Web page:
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Anya's War

3.3  ·  Rating Details ·  161 Ratings  ·  34 Reviews
Anya Rosen and her family have left their home in Odessa for Shanghai, believing that China will be a safe haven from Hitler's forces. At first, Anya's life in the Jewish Quarter of Shanghai is privileged and relatively carefree: she has crushes on boys, fights with her mother, and longs to defy expectations just like her hero, Amelia Earhart.

Then Anya finds a baby—a newbo
Hardcover, 208 pages
Published February 1st 2011 by Feiwel & Friends (first published January 22nd 2011)
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Julie Goot
Dec 27, 2010 Julie Goot rated it it was amazing  ·  review of another edition
A great window into a fascinating and horrific time period set in Shanghai and from a child's perspective.
Loved how the author explored the innermost thoughts of Anya, and painted a picture of everyday reality with the ominous backdrop of what is yet to come. I can''t wait to read more about Anya's world - I am looking forward to a Book 2! A must read for all middle school and high school reading
Jun 20, 2011 Ruth rated it did not like it  ·  review of another edition
Shelves: abandoned
This is the kind of book people write up because they have too much time on their hands and just go fired from their job.

I always compare books to food, but this time is an exception. So go rest your eyes or something before you read what I'm about to write next.





Margo Tanenbaum
In her debut novel for young adults, San Francisco writer Andrea Alban mines her own family history to weave a compelling coming-of-age story of a fourteen-year old Russian-Jewish girl and her family in 1937 Shanghai. Anya and her family had left their comfortable life in Odessa, where Mama was an opera singer and Papa was a journalist, because Papa wouldn't join the Communist Party, and sought safety from the Russian Secret Police in far-off Shanghai, then a safe-haven for many Jews.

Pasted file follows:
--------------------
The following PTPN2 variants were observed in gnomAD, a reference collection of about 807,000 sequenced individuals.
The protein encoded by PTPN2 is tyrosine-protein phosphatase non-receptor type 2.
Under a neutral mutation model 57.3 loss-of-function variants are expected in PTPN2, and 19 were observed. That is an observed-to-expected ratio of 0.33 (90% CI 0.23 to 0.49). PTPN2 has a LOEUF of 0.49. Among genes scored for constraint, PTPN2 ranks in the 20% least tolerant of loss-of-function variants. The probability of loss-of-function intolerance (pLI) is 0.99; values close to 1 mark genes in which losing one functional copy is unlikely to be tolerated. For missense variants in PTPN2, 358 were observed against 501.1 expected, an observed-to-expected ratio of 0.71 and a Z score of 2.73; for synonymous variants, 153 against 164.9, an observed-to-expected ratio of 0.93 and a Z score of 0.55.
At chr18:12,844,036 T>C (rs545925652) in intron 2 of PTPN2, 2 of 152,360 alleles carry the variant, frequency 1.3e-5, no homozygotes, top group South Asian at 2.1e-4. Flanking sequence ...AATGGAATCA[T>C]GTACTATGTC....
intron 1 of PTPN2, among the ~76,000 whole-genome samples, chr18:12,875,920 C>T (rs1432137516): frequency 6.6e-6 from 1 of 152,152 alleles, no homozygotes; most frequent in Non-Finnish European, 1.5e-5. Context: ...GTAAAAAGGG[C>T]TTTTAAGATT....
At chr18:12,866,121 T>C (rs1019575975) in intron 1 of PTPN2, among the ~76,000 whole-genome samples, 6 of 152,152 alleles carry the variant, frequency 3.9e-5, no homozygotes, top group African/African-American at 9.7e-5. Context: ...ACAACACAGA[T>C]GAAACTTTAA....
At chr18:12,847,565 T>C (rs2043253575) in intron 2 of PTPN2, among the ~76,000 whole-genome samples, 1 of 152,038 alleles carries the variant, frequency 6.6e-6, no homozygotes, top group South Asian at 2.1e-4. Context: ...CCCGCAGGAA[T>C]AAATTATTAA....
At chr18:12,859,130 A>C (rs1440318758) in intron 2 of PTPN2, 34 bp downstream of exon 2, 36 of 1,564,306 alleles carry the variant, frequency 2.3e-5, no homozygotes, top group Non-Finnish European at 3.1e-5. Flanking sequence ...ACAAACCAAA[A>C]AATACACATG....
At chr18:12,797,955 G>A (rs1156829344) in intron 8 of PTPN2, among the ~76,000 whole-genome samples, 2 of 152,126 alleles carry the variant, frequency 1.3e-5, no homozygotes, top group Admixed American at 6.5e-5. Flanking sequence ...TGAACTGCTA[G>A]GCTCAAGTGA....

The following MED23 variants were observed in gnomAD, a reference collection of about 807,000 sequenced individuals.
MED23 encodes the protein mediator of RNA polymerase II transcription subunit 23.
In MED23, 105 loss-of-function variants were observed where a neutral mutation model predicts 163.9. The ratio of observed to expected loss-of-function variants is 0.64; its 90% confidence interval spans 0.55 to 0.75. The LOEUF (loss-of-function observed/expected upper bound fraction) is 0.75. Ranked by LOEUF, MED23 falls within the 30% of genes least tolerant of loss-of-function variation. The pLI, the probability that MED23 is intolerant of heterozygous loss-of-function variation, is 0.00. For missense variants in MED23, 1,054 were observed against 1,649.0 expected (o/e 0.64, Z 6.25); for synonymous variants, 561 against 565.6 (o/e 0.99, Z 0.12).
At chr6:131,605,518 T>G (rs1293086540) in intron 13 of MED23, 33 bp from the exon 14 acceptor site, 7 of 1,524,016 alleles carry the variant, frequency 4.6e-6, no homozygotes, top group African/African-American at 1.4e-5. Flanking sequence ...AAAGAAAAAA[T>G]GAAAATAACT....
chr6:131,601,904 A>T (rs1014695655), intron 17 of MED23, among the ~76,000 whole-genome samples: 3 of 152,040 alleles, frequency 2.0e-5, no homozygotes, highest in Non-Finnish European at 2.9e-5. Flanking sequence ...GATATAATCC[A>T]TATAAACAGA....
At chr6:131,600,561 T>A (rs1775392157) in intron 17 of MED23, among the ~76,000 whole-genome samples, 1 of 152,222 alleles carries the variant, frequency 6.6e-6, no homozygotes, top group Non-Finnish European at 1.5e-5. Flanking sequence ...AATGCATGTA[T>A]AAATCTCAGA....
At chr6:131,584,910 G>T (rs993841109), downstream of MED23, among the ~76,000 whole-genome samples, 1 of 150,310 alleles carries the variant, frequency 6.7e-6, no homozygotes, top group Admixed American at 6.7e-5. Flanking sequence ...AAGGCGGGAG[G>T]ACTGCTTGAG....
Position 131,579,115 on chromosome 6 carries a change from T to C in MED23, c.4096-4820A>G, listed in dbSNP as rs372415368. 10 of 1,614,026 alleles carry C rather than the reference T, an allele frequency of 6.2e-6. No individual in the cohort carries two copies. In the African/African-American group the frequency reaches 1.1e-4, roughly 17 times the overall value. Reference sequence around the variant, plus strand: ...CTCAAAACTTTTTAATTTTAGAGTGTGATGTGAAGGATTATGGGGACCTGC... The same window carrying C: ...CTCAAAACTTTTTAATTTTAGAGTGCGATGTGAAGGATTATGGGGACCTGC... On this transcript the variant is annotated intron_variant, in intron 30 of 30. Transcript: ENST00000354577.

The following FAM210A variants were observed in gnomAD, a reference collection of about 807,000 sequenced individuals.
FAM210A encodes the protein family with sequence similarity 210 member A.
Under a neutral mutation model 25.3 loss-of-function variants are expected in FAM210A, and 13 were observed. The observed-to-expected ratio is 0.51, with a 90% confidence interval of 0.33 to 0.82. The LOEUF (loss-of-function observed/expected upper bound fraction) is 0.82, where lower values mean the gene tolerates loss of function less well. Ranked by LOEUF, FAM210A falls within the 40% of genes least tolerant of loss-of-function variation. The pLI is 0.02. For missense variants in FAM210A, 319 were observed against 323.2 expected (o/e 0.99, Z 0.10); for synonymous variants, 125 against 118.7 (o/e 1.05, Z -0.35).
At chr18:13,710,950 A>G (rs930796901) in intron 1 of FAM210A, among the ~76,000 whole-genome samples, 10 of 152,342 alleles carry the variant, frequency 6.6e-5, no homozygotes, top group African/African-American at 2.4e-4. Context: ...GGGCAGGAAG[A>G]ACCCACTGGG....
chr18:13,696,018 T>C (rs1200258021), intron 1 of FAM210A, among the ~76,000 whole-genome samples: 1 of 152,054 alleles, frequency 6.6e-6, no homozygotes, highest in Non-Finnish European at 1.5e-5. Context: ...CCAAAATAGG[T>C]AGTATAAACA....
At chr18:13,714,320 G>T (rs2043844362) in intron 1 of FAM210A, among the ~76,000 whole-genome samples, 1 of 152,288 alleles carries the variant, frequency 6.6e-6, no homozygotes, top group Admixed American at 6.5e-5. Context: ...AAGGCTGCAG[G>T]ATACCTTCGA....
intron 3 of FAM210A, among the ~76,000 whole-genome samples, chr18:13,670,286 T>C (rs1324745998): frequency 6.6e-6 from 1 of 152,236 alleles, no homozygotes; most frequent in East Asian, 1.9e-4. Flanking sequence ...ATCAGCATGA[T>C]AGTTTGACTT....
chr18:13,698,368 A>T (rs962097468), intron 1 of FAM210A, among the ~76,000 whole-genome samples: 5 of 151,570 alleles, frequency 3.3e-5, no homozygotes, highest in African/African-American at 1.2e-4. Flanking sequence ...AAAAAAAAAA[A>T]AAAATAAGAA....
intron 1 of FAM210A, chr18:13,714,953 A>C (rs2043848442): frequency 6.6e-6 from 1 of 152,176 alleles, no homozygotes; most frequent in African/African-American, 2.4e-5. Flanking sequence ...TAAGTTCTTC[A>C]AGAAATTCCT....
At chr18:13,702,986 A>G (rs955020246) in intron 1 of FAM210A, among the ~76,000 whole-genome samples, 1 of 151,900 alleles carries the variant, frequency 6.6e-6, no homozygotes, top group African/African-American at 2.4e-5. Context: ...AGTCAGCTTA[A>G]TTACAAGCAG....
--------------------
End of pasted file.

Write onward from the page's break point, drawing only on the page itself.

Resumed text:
The story
Charles Weinblatt
Dec 17, 2010 Charles Weinblatt rated it really liked it  ·  review of another edition
Anya’s War is a tender coming-of-age tale of a Jewish girl whose family escaped to Shanghai from the impending Nazi takeover of their home in Russia. Fourteen year-old Anya Rosen’s father believed that China would be a safe reprieve for Jews escaping from Hitler’s vow to punish the Jewish people. Although the characters are fictional, the story is real and based upon the author’s ancestors.

Alban’s compelling characters elucidate the very real terror of Jews living in China during the early year
Oct 25, 2011 Rachel rated it did not like it  ·  review of another edition
Shelves: historical
The first book I read was Anya's War by Andrea Alban.. Anya, is a Jew living with her family in Shanghai, China on the eve of WWII. Her father refused to join the communist party and so the family left Odessa. But then Anya finds an abandoned baby on the street. Her hero, Amelia Earhart, is lost. And the Japanese ships in the harbor are a threat. She wonders if there is any place safe enough for anyone to be Jewish. She struggles with her religion and her dreams and her family. While the histori ...more
This is historical fiction for real lovers of historical fiction. Although there are a few well-crafted sequences of suspense that will appeal even to those who typically shun historical fiction, most of the narrative is devoted to detailing Anya's daily life in Shanghai, and will be best appreciated by those who truly love to immerse themselves in another time and place.

Full review at Reading Everywhere.
Samantha Hastings
Author Andrea Alban packs a lot of character development, culture, and history in her novel about two days in Shanghai. Teens will find the story compelling and Anya’s character to be likeable and entirely relatable. Despite what is happening around her, Anya is still a teenage girl who is worried about her bra size, cute boys, and telling her parents about her dreams for the future.
Claire Hattendorf
Jun 24, 2013 Claire Hattendorf rated it it was amazing
This book was a page turner for me. I couldn't put it down! The research that went into this book created an all-consuming view of a horrible past for the Jews. The author writes in a way that takes the reader 'right there' inside the story.